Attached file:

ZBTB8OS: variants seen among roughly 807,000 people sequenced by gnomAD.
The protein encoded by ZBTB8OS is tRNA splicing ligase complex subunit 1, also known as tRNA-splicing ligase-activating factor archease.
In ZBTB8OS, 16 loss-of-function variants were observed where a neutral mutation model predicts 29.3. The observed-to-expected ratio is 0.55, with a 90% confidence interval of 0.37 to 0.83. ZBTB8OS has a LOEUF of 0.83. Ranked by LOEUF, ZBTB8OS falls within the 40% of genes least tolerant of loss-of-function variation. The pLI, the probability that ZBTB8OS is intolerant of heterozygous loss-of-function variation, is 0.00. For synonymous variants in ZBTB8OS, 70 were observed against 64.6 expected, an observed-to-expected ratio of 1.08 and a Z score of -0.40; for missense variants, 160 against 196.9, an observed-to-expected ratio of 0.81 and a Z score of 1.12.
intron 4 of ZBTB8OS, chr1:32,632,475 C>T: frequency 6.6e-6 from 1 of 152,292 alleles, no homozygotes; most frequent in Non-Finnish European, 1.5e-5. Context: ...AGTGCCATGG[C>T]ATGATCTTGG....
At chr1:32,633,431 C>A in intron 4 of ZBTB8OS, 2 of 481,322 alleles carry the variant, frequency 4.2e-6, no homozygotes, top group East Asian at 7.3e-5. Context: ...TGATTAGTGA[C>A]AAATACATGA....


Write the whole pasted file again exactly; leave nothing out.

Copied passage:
ZBTB8OS: variants seen among roughly 807,000 people sequenced by gnomAD.
The protein encoded by ZBTB8OS is tRNA splicing ligase complex subunit 1, also known as tRNA-splicing ligase-activating factor archease.
In ZBTB8OS, 16 loss-of-function variants were observed where a neutral mutation model predicts 29.3. The observed-to-expected ratio is 0.55, with a 90% confidence interval of 0.37 to 0.83. ZBTB8OS has a LOEUF of 0.83. Ranked by LOEUF, ZBTB8OS falls within the 40% of genes least tolerant of loss-of-function variation. The pLI, the probability that ZBTB8OS is intolerant of heterozygous loss-of-function variation, is 0.00. For synonymous variants in ZBTB8OS, 70 were observed against 64.6 expected, an observed-to-expected ratio of 1.08 and a Z score of -0.40; for missense variants, 160 against 196.9, an observed-to-expected ratio of 0.81 and a Z score of 1.12.
intron 4 of ZBTB8OS, chr1:32,632,475 C>T: frequency 6.6e-6 from 1 of 152,292 alleles, no homozygotes; most frequent in Non-Finnish European, 1.5e-5. Context: ...AGTGCCATGG[C>T]ATGATCTTGG....
At chr1:32,633,431 C>A in intron 4 of ZBTB8OS, 2 of 481,322 alleles carry the variant, frequency 4.2e-6, no homozygotes, top group East Asian at 7.3e-5. Context: ...TGATTAGTGA[C>A]AAATACATGA....